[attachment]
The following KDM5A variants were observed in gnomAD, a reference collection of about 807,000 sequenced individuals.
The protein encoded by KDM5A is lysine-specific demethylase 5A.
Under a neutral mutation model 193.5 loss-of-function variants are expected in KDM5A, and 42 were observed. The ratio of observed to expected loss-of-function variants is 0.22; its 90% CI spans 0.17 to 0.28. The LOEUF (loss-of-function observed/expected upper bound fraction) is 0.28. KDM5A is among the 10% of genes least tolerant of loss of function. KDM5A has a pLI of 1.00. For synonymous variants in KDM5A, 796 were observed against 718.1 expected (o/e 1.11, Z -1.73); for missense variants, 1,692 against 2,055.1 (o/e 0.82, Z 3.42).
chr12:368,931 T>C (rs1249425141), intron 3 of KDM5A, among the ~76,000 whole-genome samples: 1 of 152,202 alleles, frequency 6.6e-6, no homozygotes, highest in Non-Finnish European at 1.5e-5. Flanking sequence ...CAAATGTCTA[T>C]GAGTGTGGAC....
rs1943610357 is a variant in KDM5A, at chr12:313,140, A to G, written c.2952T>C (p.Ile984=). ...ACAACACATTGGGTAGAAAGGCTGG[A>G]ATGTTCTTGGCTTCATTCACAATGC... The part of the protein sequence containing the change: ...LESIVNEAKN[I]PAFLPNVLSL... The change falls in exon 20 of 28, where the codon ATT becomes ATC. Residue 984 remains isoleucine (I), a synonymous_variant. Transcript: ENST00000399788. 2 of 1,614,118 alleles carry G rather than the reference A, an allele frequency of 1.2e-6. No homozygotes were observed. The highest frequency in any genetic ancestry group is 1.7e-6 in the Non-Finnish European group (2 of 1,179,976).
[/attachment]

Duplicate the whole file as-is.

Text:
The following KDM5A variants were observed in gnomAD, a reference collection of about 807,000 sequenced individuals.
The protein encoded by KDM5A is lysine-specific demethylase 5A.
Under a neutral mutation model 193.5 loss-of-function variants are expected in KDM5A, and 42 were observed. The ratio of observed to expected loss-of-function variants is 0.22; its 90% CI spans 0.17 to 0.28. The LOEUF (loss-of-function observed/expected upper bound fraction) is 0.28. KDM5A is among the 10% of genes least tolerant of loss of function. KDM5A has a pLI of 1.00. For synonymous variants in KDM5A, 796 were observed against 718.1 expected (o/e 1.11, Z -1.73); for missense variants, 1,692 against 2,055.1 (o/e 0.82, Z 3.42).
chr12:368,931 T>C (rs1249425141), intron 3 of KDM5A, among the ~76,000 whole-genome samples: 1 of 152,202 alleles, frequency 6.6e-6, no homozygotes, highest in Non-Finnish European at 1.5e-5. Flanking sequence ...CAAATGTCTA[T>C]GAGTGTGGAC....
rs1943610357 is a variant in KDM5A, at chr12:313,140, A to G, written c.2952T>C (p.Ile984=). ...ACAACACATTGGGTAGAAAGGCTGG[A>G]ATGTTCTTGGCTTCATTCACAATGC... The part of the protein sequence containing the change: ...LESIVNEAKN[I]PAFLPNVLSL... The change falls in exon 20 of 28, where the codon ATT becomes ATC. Residue 984 remains isoleucine (I), a synonymous_variant. Transcript: ENST00000399788. 2 of 1,614,118 alleles carry G rather than the reference A, an allele frequency of 1.2e-6. No homozygotes were observed. The highest frequency in any genetic ancestry group is 1.7e-6 in the Non-Finnish European group (2 of 1,179,976).